In 1997, Anthony and Joe Russo came to Slamdance with their first feature, “Pieces,” a non-linear tribute to the French New Wave, funded with credit cards and shot in their hometown of Cleveland. “It wasn’t exactly a calling-card film for making commercial movies,” Joe Russo says. “In fact, the only person who would have responded to a movie like that was Steven Soderbergh.”
He knows this because Soderbergh was in the audience. Soderbergh took the Russos under his wing and produced their next feature, “Welcome to Collinwood.” The $7.5 million film was released by Warner Bros., via Soderbergh’s Section Eight production company.
In 2014, the Russos returned to Slamdance and discovered writer/director Jay Alvarez. They helped the 26-year-old find representation and are now helping make his next feature, “Dizzy Pursuit.” It has a budget of $28,000, being raised on Indiegogo.
It’s a fairy tale when an A-list director adopts a scrappy indie filmmaker. But these days, many of the details of the Russo brothers’ origin story are unthinkable: auteurs with a studio production deal? A $7.5 million budget? A studio release?
“The environment has changed,” Russo says. “It’s much more difficult in this market to get smaller films made, and crowdfunding is now the best route for a film like Jay’s.”
That’s putting it mildly. Studio movies today are either aspiring blockbusters or Oscar bait. Of course, the TV renaissance has done a nice job of filling the gap for once-indie filmmakers like Lena Dunham (“Girls”), Sam Esmail (“Mr. Robot”), and Jill Soloway (“Transparent”). The expansion to outlets like AMC and Netflix has resulted in an increasingly cinematic product, but TV remains the domain of the writer.The reason these filmmakers were able to become showrunners is they have the writing chops to deliver satisfying 10-episode arcs. What about talented directors incapable of writing the next “Mr. Robot?” Where do they turn after making a low-budget festival film?
Director Ryan Coogler followed up his Sundance breakout “Fruitvale Station” by reinventing the “Rocky” franchise with “Creed,” and is now poised to tackle Marvel’s “Black Panther.” It’s a rare talent who can seamlessly make the transition from Sundance to franchise, but in 2016 that’s simply the next rung on the ladder.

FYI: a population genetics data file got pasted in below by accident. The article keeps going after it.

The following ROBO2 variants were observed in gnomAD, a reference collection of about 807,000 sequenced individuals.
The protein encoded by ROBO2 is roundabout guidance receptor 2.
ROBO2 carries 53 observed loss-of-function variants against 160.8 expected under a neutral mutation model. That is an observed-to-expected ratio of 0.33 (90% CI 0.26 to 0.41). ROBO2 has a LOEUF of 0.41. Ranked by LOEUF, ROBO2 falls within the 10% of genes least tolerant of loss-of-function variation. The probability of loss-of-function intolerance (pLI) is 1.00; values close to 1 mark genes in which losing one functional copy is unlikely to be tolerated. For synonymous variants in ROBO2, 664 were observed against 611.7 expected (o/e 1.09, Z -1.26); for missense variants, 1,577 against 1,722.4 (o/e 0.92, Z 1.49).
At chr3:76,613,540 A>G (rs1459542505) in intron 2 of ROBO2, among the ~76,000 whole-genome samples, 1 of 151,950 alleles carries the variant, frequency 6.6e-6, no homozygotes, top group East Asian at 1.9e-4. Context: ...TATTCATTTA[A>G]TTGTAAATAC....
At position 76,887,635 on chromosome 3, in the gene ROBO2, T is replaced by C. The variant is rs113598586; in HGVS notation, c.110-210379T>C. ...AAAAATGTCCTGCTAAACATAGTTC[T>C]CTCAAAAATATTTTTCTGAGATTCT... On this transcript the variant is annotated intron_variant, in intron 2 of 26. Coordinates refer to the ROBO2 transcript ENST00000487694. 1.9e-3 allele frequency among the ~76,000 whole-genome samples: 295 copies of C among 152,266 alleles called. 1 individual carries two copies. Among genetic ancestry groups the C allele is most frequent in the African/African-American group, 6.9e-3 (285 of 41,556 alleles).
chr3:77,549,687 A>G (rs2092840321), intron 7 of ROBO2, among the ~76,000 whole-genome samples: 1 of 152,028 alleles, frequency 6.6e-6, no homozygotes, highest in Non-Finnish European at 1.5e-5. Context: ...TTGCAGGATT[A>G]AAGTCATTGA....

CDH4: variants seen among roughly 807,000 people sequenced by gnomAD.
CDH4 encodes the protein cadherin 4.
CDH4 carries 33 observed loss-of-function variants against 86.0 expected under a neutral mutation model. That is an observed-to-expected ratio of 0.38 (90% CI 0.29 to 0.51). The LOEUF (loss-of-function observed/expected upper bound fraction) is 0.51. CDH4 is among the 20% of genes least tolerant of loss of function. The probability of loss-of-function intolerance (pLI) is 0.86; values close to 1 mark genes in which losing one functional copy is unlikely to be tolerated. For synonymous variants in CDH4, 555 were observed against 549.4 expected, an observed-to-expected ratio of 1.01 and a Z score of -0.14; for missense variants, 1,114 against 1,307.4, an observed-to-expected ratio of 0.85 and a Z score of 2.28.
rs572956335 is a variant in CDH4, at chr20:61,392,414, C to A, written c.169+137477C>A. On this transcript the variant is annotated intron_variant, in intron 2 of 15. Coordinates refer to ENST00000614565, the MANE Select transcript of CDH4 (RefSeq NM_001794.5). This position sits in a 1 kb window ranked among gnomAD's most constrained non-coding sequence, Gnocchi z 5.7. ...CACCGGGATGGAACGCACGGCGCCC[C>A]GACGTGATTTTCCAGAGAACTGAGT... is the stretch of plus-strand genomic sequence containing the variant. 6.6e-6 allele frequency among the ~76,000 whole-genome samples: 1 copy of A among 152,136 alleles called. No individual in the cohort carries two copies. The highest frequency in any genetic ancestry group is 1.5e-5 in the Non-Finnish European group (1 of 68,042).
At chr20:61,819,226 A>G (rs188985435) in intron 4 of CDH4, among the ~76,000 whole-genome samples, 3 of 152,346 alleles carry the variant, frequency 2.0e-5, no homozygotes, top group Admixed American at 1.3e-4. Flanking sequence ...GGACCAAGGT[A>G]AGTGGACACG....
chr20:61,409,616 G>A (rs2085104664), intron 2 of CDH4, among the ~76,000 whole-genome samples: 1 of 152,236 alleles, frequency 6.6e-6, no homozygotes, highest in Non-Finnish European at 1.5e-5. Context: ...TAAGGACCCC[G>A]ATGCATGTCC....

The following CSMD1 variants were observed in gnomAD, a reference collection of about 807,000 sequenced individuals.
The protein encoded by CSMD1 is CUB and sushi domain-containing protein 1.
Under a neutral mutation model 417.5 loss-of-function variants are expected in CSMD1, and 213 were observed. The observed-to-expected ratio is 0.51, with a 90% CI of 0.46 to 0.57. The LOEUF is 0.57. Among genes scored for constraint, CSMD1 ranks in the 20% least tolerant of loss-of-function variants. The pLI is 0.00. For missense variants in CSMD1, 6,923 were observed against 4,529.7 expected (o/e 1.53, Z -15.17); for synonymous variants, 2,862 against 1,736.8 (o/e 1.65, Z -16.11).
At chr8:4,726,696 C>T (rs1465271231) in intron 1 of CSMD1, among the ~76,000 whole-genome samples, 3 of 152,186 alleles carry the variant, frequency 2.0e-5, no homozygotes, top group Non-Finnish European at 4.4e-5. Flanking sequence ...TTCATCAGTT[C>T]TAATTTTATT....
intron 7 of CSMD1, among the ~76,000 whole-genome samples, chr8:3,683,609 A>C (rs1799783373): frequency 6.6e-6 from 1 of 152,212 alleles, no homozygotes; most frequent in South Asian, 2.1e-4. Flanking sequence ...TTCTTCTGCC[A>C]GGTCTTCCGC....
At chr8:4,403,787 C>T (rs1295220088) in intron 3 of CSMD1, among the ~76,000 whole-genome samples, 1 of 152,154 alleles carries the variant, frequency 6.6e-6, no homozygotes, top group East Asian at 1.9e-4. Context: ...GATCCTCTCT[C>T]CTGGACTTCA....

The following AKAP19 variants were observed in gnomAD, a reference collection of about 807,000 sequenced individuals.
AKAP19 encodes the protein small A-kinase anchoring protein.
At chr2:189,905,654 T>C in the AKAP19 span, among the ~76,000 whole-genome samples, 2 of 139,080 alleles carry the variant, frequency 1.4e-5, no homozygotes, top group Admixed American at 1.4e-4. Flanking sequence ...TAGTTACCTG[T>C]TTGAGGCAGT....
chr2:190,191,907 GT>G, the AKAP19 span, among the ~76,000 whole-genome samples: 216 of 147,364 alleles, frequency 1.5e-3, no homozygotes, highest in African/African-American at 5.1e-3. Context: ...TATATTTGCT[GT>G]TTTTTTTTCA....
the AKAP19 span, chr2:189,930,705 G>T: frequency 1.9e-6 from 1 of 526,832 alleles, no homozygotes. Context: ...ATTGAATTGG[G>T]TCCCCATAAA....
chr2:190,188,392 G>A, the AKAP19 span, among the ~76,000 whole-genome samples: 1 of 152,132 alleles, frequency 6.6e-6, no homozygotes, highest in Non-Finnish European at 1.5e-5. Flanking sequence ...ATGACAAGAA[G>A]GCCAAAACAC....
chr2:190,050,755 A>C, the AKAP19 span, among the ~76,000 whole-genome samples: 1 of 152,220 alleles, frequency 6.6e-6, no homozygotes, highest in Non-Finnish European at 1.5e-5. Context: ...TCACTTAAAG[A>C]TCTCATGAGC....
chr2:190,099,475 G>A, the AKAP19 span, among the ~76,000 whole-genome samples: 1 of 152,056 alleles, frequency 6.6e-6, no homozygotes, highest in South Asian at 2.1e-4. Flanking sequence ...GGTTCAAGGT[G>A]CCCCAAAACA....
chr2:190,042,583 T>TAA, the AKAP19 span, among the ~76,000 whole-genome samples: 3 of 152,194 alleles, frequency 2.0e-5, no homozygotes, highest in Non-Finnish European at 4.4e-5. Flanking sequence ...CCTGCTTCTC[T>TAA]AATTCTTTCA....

Indiewire recently ran a series about female directors we believe have demonstrated the ability to leap to blockbusters. We received some pushback from fans, questioning why a personal filmmaker like Lynn Shelton would want to “graduate” to Marvel. Fair enough — but what’s the alternative path to a sustainable career?
If we look back a generation at directors who are now in their 40s and 50s, we see there used to be more possibilities. A majority of America’s great directors from Soderbergh and the Russos’ generation cut their teeth on second features costing $5 million to $15 million — films like “Boogie Nights,” “Memento,” “Rushmore,” and “Pulp Fiction.” Further, films in the $20 million-$50 million range — “Seven,” “Go,” “Three Kings” — were a steady part of studios’ production slates.
Studios no longer back such films unless they offer the hope of awards. The new home for this type of content — and hence, the paid work for promising directing talent — is TV. But TV shows are well-oiled machines in which a rotation of directors are brought aboard to execute an established plan; the director is more a steward to the larger story and style, rather than the principal storyteller. A show like “The Knick,” directed by Soderbergh, is a rare exception.
Technology does offer a new path for up- and-coming directors. Digital cameras and post-production tools can help them turn $28,000 into something cinematic. Alvarez, especially with the Russos’ support, might create the hit of Sundance 2017. Still, no-budget filmmaking is not a career. And at some point, 20-somethings become 30-somethings.